Tahoe lakefront options, for sunny beaches, hiking or cycling, are rich, indeed.  Camp Richardson is a favorite stop, with historic hotel, cabins, store, ice cream shop, bike rental and a lovely beach. Part of that beachfront scene is the Beacon Restaurant – dine on the beach, have a drink and sample the fish and chips. Later in the summer, music Wednesday through Sunday on their deck makes for an even more fun vibe.

Just north of Camp Richardson is the Tallac Historic District. Stop at the Forest Service Visitor Center, get details on these three historic former luxury waterfront estates, the Baldwin Estate, the Pope Estate and Valhalla. Then walk the paved trail to view what life was like for Tahoe’s glitterati in the 1920s and 30s. Here you can also walk to the sandy beach for incredible lake views.

Further north on Hwy. 89 is Emerald Bay, perhaps the most photographed place on the lake. On the bay is the lovely Vikingsholm estate, built in 1929. A steep hike down to the bay allows tours of the old mansion and close-up views of this highly-visited portion of the lake. Eagle Creek thunders into the bay nearby, heavy with snow-melt.

Wildflowers frame Lake Tahoe in distance, and Fallen Leaf Lake, right, from trail up to Mount Tallac.

We usually breakfast at our campsite, and occasionally pack a lunch for our daily tours. For dining out, our favorite restaurants in this part of Tahoe include The Beacon and Lakeside Beach House and Artemis Lakefront Café in South Lake Tahoe. Though we didn’t get up to Tahoe City, our favorite breakfast place in the entire Tahoe area is Rosie’s – try it!

A variety of upcoming Tahoe events make for good reasons to pick travel in the next several months. Truckee Thursdays run every Thursday evening, June 9 to August 18 with a beer garden, live music, farmers market and craft vendors. Information, TruckeeThursdays.com. The Valhalla Art, Music and Theater Festival kicks off June 22 and concludes August 31 with a variety of music, art and theater. Information, ValhallaTahoe.com.

Music on the beach can be found at the South Shores Lakeview Commons on Thursday evenings; Kings Beach offers free music on Fridays and Tahoe City’s concerts at Commons Beach take place on Sundays through much of the summer. Harveys in South Tahoe offers big shows and concerts at their Outdoor Arena, information, Caesars.com/Harveys-Tahoe/shows.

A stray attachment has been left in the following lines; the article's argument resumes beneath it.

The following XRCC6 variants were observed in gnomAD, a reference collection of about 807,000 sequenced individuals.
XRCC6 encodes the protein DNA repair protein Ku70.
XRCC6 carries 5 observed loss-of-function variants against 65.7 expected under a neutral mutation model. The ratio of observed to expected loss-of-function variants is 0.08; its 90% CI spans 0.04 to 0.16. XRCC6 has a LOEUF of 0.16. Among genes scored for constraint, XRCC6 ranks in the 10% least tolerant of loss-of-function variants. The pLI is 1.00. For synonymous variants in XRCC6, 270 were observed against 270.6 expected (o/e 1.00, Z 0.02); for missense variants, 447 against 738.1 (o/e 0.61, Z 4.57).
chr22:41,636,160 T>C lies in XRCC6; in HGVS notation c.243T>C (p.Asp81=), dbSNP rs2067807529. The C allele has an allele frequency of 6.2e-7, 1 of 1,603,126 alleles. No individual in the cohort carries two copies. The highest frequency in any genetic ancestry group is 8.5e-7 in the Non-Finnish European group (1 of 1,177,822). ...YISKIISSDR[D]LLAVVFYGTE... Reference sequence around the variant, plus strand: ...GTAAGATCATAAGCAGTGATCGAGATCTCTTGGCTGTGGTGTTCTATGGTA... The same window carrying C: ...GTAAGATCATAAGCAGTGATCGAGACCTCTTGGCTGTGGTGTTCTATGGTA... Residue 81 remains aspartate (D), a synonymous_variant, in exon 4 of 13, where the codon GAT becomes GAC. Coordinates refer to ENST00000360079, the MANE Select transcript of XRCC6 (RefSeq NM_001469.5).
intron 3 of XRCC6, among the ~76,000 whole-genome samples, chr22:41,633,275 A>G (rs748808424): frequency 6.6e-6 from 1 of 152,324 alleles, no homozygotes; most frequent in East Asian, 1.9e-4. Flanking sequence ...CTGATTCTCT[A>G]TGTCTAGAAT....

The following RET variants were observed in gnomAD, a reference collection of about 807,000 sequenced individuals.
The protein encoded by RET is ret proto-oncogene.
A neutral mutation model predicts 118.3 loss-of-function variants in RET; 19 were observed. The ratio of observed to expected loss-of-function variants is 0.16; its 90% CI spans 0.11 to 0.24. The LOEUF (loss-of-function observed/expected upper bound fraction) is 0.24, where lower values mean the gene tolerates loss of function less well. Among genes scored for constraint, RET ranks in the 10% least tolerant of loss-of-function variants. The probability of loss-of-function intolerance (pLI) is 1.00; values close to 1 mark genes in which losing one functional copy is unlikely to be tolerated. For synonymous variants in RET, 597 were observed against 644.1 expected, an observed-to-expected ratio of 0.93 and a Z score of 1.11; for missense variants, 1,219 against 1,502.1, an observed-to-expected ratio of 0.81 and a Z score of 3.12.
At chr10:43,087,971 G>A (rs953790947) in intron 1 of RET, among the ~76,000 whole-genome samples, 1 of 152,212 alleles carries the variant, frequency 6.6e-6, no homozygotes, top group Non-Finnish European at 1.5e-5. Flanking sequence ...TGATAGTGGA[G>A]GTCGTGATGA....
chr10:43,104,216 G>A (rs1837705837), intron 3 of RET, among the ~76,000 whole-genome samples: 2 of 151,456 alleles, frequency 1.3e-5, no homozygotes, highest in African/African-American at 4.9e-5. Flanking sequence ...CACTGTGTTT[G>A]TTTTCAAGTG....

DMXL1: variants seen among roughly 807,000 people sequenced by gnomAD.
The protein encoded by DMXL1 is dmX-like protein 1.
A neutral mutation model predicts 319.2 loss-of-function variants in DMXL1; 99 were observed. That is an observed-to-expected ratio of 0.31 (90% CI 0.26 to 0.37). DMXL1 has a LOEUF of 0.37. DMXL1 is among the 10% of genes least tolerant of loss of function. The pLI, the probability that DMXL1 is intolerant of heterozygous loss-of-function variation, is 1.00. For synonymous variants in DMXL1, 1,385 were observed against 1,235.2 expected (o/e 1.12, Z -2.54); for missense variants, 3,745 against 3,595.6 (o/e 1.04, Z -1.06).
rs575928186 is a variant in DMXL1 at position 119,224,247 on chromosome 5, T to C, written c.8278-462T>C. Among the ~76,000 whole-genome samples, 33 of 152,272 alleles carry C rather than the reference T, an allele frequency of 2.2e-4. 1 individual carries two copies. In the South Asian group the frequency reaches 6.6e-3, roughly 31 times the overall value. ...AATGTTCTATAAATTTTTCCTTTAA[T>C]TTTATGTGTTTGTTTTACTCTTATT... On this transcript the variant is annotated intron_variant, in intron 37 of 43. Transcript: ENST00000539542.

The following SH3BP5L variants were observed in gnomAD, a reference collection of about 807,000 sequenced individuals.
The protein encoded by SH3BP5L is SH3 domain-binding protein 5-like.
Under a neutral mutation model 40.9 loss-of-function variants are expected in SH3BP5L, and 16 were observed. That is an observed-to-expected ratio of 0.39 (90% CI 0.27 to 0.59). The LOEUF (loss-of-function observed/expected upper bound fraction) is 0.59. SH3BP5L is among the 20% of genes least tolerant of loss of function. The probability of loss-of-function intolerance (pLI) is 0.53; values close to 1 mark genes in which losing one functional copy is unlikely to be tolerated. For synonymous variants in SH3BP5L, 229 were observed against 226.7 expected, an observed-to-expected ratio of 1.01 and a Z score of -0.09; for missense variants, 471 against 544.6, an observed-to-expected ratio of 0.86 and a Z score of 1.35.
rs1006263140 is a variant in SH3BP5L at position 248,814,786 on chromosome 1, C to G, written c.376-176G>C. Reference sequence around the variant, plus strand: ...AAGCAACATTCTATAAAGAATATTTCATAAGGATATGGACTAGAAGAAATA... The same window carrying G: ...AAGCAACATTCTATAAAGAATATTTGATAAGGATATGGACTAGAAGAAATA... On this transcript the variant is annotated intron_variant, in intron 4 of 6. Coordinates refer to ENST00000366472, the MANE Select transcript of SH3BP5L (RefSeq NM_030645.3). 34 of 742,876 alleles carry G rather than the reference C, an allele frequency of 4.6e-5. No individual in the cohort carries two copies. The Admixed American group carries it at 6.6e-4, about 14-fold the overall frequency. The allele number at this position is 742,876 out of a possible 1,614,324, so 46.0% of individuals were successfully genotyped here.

The Lake Tahoe Shakespeare Festival in its 44th season features two mainstage productions, “The Comedy of Errors”, and “Forever Plaid” at Sand Harbor State Park. Information, LakeTahoeShakespeare.com. Tickets start at $15 and offer classy plays right on Tahoe’s magnificent shore.

Tahoe Queen and MS Dixie II prepare for scenic cruises of the lake from Zephyr Cove. Midday, sunset and dinner cruises are options for this delightful tour of the azure lake.

A variety of higher-priced options abound, from ziplines, renting jet skis, SUPs, boats, golf and taking in big acts at the casinos. If you haven’t taken a Tahoe paddlewheel excursion, consider taking the several hour cruise on the MS Dixie II or Tahoe Queen out of Zephyr Cove on the Nevada south shore.

Heavenly Valley’s new Epic Discovery Summer Adventure Park debuts, promising lively activities like Alpine coaster, ziplines, canopy tour, rock climbing, ropes courses, 4×4 expeditions and interactive learning stations. Check it out at ski heavenly.com/epicdiscovery.

Read more from Tim Viall’s travel blog, follow him on Facebook or Twitter; or, email him at tviall@msn.com. Happy travels in the west!